What do you do when you want to think things over? In what position or environment are you when you get the best idea ever - in the shower, pacing up and down? Riding on your bike watching people go by, or enjoying the beautiful nature around you? Do you get in motion to organize your thoughts, or can you stay still sitting on a chair? And how does that affect your work habits? How do you stay active and productive?
I was waiting for my exam results, and so was the son of our neighbors. And then there was a bang. A really loud one. I could guess the outcome of his exam simply by hearing that bang.
Last week I had a chat with a friend of mine whose eldest son (8 years old) was diagnosed several years ago with Autistic Spectrum Disorder (ASD). She told me about a conversation she and her husband had with a speech therapist, who explained to them that when someone asks their son a question or tells him something to do, it usually takes 7 seconds before his brain processed this information. Imagine that, 7 seconds – that’s quite a lot. In those 7 seconds many other words can be said or questions can be asked. But for this little boy it means that it is important to speak slowly and give one instruction at a time, or you will likely get little to no response, or only partial task completion.
When there is a lack of understanding, you don’t realize that he needs this time to see the whole picture. When you have to deal with this over and over again, every single day, you can become very frustrated and annoyed by the child’s seeming failure to understand, or worse, lack of desire to listen.
We’re looking forward to the 16th Biennial Meeting of the Society for Research on Adolescence which will start tomorrow. It will be held in Baltimore, Maryland. The general program sessions will begin at 8:30am tomorrow and conclude at 5:15pm on Saturday.
Getting outside, playing, and exercising is essential for healthy child development. It goes without saying that playing outside must be encouraged in children, especially when we realize that an estimated 80 percent of young children don’t exercise enough. The impact of playing outside on the social, motor and emotional development of children and their learning ability is immense. Therefore, it is of interest to researchers to answer the question: what makes the best playground, according to children?
We’ve all been there: arriving at an airport hours before your flight leaves, wandering around to pass time before you can board. Luckily, most airports offer stores where you can buy food, books, and tax-free items, but how often is it that you’re not truly interested in shopping and just keep strolling without actually buying?
In the Netherlands we have a so called “museum card” which allows you to visit museums for free. In the last few years I visited quite a few of them together with my children. In Amsterdam we saw the ‘Nachtwacht’ in the Rijksmuseum, did science experiments at Nemo, and learned about how the sea has shaped our Dutch culture at The National Maritime Museum. We have also visited the ‘Openluchtmuseum’ (Netherlands Open Air Museum) in Arnhem several times, because this one is the closest to us. At this museum you can learn a lot about how people lived in the past, and the objects they used for cooking their meals, brewing beer, doing the laundry, and so on. Each and every time we visit this museum, my children and I discover new facts. It’s a great learning environment, but what do my children actually recall of these many museum visits?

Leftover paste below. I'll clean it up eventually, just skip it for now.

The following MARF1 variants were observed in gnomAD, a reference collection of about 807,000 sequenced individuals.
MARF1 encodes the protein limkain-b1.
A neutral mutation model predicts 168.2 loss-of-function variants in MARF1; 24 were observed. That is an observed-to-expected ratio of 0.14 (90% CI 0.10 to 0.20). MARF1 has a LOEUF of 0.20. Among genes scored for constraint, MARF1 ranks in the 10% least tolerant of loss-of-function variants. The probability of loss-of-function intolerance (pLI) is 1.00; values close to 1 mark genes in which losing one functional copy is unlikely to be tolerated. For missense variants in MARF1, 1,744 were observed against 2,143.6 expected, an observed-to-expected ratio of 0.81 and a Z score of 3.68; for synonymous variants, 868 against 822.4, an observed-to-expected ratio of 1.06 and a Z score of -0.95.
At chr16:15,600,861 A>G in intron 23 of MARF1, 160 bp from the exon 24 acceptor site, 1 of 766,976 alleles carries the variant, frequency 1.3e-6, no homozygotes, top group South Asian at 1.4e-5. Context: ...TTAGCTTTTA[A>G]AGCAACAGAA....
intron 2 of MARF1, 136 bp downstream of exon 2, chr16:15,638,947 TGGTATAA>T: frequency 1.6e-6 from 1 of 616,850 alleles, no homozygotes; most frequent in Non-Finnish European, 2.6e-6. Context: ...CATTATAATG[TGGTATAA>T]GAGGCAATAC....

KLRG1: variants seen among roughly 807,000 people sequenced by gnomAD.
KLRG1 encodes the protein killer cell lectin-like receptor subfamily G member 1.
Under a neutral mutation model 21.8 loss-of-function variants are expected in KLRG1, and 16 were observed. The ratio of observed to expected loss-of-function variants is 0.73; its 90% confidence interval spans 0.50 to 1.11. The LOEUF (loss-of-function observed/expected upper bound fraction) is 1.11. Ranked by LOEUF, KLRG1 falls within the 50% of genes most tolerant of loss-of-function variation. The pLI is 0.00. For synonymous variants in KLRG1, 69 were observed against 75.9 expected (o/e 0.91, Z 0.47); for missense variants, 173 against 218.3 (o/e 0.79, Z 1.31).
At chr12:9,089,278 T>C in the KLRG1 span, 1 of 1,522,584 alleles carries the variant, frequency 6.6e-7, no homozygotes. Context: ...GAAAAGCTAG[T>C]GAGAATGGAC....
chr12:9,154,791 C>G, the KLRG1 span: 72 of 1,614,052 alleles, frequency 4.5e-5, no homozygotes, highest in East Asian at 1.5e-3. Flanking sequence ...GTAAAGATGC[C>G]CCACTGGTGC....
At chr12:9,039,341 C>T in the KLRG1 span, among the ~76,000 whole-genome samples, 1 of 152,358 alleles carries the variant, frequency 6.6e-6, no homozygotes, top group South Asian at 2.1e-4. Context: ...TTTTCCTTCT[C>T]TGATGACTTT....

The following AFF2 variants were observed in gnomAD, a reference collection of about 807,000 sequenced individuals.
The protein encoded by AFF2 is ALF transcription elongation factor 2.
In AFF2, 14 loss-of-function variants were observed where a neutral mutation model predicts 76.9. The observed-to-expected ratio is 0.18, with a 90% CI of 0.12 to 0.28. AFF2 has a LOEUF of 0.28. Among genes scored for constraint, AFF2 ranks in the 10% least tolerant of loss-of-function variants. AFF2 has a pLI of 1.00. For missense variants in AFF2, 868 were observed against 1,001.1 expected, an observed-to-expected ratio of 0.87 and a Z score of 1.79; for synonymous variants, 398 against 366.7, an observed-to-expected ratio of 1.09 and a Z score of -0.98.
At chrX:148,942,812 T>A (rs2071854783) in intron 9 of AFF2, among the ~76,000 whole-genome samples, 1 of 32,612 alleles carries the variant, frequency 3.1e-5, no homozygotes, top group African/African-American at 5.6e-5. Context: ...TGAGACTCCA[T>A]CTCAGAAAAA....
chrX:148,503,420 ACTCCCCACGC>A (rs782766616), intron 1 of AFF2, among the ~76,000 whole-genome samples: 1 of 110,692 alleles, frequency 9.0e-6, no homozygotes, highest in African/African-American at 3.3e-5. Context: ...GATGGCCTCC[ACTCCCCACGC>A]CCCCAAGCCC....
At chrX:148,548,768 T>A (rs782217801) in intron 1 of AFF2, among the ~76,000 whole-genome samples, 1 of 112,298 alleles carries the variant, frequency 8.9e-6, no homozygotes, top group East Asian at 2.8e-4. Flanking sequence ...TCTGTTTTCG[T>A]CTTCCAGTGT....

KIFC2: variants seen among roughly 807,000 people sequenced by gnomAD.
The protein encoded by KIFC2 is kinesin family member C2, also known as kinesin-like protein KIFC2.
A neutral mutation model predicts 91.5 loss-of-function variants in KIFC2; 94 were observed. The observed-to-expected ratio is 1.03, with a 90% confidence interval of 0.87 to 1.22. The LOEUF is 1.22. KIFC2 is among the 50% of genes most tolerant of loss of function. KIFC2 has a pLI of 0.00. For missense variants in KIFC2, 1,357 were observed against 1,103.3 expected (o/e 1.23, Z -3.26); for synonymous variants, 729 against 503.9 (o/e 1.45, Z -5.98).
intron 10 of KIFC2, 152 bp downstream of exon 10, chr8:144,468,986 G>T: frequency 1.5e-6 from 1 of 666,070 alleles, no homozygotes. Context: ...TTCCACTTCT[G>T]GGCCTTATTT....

I can hear you thinking already: ‘Another blog about food… it seems all they think and talk about at Noldus IT is having dinner!”.
And yes, indeed, research about the interactions that take place during mealtime has attracted my attention again. Not only because dinner is a daily reoccurring event, but also because food is important to our health; you are what you eat. This time, the research I am highlighting currently was carried out in adults with dementia, focusing on caregiver person-centeredness, and behavioral symptoms during mealtime interactions.
‘Mom, what's for dinner tonight?’ It’s a daily recurring question from my children. Having dinner is an important part of the day and also a way for parents or caregivers to influence a child's diet. With the observed increase in pediatric obesity in recent years, a child’s family, particularly his parents, may influence eating behavior, diet, and physical activity through their parenting and food choices. Some factors that affect eating behavior can be: what and how much food do parents serve their children? To what extent do they encourage their children to eat healthy food instead of unhealthy food? It’s important to raise awareness amongst parents of young children of the consequences of unhealthy eating habits, and teach them to create a healthy nutritional environment for their children.
When children lack information, they make up stories by adding up their own guesses. Their imagination can run wild: all elephants are pink, right? This kind of reasoning is undesirable when trying to explain a rare disorder of a sister or brother. Guesswork may result in incorrect illness explanations and might cause related miscommunication or behavioral problems. When we learn more about how siblings describe illnesses, we might be able to appropriately assist family counselors and parents.